Game Warden

Fish and game wardens, also known as wildlife officers, protect wildlife by enforcing fishing, hunting and boating laws, including licensure requirements. Specific state requirements vary, but becoming a game warden generally requires at least two years of college, field experience in national parks or other wildlife settings, a physical exam, a background check and successful completion of a training academy program.

In 2007, about 7,500 people were employed as game wardens, and 87% of these were on the state government level. South Dakota, Montana, Maine, Idaho and West Virginia employ the highest concentration of game wardens in the country. Other employers include local governments and the federal executive branch.

Degrees for Game Wardens

To become a game warden, an associate or bachelor’s degree in criminal justice or wildlife management is encouraged.Online degree programs abound in these two areas of study and preparation can start as early as high school with courses in animal science and wildlife. Students can also perform internships, attend field trips or shadow workers of wildlife-related careers. Note that some states accept field work in place of a degree, so experience in wildlife settings is always a positive.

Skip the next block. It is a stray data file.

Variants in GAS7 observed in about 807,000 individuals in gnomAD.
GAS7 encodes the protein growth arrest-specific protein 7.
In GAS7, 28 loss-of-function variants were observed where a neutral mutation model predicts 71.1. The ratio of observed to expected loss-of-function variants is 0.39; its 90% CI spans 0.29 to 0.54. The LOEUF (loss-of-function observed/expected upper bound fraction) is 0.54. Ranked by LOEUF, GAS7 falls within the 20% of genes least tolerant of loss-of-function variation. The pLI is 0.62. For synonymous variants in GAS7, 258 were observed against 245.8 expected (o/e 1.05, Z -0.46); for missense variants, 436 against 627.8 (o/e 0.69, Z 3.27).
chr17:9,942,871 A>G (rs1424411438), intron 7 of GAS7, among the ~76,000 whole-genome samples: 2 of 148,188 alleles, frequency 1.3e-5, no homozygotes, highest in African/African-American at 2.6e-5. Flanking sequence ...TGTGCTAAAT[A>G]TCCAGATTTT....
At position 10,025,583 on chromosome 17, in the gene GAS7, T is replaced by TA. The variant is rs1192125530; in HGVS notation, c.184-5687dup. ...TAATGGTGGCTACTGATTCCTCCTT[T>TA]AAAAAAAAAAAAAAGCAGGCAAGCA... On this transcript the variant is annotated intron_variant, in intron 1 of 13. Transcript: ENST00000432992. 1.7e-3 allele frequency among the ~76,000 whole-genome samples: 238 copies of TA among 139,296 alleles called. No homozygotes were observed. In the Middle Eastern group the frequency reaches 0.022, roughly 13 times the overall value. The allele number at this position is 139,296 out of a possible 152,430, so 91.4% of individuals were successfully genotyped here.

Game Warden Job Description

Game wardens are responsible for protecting wildlife through the enforcement of gaming, hunting and boating laws. Not surprisingly, game wardens spend a lot of time outdoors patrolling wildlife areas such as lakes, rivers and forests, but that’s not their only duty. Other jobs of the game warden include:

  • Investigating potential violations by hunters, fishermen and trappers
  • Appearing in court to help prosecute violations
  • Presenting information to groups on wildlife conservation
  • Patrolling hunting and fishing areas
  • Searching for and rescuing wildlife in distress
  • Monitoring wildlife through the collection of data

Game wardens carry a firearm, thus there is an importance placed on law enforcement education and criminal justice. They may also be promoted within the traditional law enforcement hierarchy including positions from detective, sergeant and lieutenant to captain, deputy chief and chief.

Game Warden Salary

According to the U.S. Bureau of Labor Statistics, the middle 50 percent of game wardens earned between $37,180 and $60,390 in 2007, with a median salary of $47,830. The highest paying states were Maryland, Washington, Nevada, South Carolina and Colorado.

Job growth is expected to be modest for game wardens as there are considerably more applicants than available positions. This is all the more reason to get an online degree to boost qualifications.

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